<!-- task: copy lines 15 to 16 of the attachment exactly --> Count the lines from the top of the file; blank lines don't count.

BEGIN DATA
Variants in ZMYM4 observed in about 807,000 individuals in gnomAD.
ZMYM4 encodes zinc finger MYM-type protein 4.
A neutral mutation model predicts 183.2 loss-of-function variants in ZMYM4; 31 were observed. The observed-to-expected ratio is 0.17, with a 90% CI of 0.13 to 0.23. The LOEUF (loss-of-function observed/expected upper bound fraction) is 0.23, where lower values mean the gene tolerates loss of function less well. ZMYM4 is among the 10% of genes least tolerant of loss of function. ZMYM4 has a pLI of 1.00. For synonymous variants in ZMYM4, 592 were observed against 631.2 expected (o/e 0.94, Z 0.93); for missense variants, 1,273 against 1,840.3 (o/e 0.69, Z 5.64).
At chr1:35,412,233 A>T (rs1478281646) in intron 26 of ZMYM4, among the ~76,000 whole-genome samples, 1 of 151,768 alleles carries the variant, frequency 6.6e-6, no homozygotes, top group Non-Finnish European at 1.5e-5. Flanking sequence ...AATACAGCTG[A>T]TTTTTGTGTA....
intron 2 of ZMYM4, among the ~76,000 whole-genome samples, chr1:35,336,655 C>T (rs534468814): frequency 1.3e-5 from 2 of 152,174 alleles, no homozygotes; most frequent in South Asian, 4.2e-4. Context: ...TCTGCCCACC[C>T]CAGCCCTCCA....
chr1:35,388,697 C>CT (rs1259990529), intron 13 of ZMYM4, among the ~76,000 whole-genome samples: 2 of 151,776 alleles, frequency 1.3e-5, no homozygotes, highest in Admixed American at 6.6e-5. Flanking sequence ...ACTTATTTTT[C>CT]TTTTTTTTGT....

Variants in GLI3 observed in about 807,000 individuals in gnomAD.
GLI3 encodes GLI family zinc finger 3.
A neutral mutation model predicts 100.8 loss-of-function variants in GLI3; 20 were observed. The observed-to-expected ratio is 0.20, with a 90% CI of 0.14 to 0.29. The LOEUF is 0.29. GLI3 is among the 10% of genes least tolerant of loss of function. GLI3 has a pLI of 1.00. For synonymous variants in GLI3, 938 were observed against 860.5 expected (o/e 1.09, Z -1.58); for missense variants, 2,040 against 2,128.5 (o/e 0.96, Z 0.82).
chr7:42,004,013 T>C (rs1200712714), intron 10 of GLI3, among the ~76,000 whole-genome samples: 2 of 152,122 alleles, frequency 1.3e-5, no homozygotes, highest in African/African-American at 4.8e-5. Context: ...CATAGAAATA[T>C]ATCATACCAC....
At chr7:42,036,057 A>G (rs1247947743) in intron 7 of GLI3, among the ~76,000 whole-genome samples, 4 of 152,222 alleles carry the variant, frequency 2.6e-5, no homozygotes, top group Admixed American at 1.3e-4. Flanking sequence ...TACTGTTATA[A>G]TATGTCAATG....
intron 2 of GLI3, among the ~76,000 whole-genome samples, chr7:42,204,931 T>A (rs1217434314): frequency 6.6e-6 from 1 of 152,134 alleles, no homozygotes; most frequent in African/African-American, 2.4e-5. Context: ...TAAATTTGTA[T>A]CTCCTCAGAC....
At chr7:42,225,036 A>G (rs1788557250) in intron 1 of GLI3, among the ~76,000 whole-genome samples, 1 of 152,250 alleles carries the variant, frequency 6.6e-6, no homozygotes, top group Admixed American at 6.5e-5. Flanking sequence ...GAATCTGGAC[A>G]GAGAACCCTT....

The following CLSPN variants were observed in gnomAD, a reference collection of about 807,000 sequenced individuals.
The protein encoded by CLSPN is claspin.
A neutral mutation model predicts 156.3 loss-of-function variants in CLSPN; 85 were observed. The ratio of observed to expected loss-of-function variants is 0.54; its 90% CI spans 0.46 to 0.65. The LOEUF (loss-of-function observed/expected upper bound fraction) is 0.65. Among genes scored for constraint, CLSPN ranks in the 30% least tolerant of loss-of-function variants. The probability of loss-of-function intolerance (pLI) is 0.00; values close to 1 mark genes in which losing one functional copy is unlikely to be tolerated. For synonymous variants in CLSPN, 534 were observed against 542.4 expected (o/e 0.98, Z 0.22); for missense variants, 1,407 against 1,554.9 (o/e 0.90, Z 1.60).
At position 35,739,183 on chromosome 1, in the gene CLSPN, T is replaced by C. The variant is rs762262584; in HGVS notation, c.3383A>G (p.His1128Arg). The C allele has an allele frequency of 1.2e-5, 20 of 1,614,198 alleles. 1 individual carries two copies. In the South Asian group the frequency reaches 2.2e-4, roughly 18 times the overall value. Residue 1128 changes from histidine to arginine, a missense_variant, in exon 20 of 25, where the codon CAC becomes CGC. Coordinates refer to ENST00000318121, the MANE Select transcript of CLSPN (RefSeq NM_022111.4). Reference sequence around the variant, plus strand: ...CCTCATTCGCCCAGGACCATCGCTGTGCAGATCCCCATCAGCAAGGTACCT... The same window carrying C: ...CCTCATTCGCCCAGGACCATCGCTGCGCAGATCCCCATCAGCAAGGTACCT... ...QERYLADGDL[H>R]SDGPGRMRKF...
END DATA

The protein encoded by CLSPN is claspin.
A neutral mutation model predicts 156.3 loss-of-function variants in CLSPN; 85 were observed. The ratio of observed to expected loss-of-function variants is 0.54; its 90% CI spans 0.46 to 0.65. The LOEUF (loss-of-function observed/expected upper bound fraction) is 0.65. Among genes scored for constraint, CLSPN ranks in the 30% least tolerant of loss-of-function variants. The probability of loss-of-function intolerance (pLI) is 0.00; values close to 1 mark genes in which losing one functional copy is unlikely to be tolerated. For synonymous variants in CLSPN, 534 were observed against 542.4 expected (o/e 0.98, Z 0.22); for missense variants, 1,407 against 1,554.9 (o/e 0.90, Z 1.60).